Federal School Safety Report Emphasizes State, Local Role
Monday, January 28, 2019
In an effort to help local communities promote school safety, the Office of Justice Programs provides grant funding, information and research as part of what the final report of the Federal Commission on School Safety notes is the federal government's shared responsibility.
In the report's letter to President Trump, the commissioners write, "There is no universal school safety plan that will work for every school across the country. Such a prescriptive approach by the federal government would be inappropriate, imprudent and ineffective."
The report recommends that federal agencies promote readily available resources and programs and emphasizes the need to share "ideas that are already working for communities across the country."
For example, research shows that many eventual school shooters experienced bullying or isolation. The website www.StopBullying.gov, which provides an online course on bullying prevention at no cost, and the U.S. Department of Education's Office of Safe and Healthy Students offer guidance. Recommendations range from providing resources that assist schools in developing positive climates and feelings of connectedness to encouraging training for those who work with children to recognize signs and symptoms of mental illness.
The report highlights, among other products, OJP's toolkits on police-mental health collaboration and helping victims of mass violence; research on indicators of school crime and safety; and a guide on preventing school-based bullying with related research.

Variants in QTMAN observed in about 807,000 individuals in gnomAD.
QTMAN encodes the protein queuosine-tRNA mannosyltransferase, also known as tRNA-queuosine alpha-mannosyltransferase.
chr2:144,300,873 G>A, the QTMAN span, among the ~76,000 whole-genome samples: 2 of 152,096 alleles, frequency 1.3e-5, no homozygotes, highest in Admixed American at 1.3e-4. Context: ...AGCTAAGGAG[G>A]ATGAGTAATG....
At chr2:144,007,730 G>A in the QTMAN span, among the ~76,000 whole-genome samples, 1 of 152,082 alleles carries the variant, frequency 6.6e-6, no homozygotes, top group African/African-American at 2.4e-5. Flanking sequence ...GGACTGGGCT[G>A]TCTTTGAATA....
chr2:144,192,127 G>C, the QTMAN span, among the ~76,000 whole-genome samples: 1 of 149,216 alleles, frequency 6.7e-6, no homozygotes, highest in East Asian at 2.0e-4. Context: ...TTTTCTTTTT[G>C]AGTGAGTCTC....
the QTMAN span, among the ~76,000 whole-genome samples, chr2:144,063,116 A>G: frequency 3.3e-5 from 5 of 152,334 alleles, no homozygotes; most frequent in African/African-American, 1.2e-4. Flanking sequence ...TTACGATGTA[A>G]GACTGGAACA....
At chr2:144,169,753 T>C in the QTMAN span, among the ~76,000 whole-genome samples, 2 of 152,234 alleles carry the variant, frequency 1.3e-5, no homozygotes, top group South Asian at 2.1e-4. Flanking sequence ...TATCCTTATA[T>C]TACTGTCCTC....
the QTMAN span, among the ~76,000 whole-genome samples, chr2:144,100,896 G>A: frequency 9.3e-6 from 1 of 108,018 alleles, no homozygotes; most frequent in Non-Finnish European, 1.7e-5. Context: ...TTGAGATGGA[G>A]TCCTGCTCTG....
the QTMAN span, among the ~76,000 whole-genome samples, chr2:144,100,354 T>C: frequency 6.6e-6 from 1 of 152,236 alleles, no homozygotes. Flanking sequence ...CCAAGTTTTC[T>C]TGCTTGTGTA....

The commission underscored funds available through the STOP School Violence Act of 2018, a centerpiece of the Trump Administration's response, which provides funding for evidence-based programs. The act authorized nearly $47 million for grants from OJP's Bureau of Justice Assistance last fall, as well as $25 million through the Office of Community Oriented Policing Services, to states, units of local government and federally recognized Indian tribes.
President Trump established the commission following the tragic February 14, 2018, shooting in Parkland, Florida, that left 17 people dead. Secretary of Education Betsy DeVos served as chair and Homeland Security Secretary Kirstjen Nielsen, Health and Human Services Secretary Alex Azar II and Acting Attorney General Matthew Whitaker were members. Their work included field visits, listening sessions and meetings focused on identifying solutions.
In the report, the commission provides a thorough blueprint for preventing, protecting from and mitigating violent incidents in our schools—a goal that requires the involvement of all Americans.
"Ultimately, ensuring the safety of our children begins within ourselves, at the kitchen table, in houses of worship, and in community centers," the commission's letter to President Trump says. "The recommendations within this report do not and cannot supplant the role families have in our culture and in the lives of children. Our country's moral fabric needs more threads of love, empathy, and connection."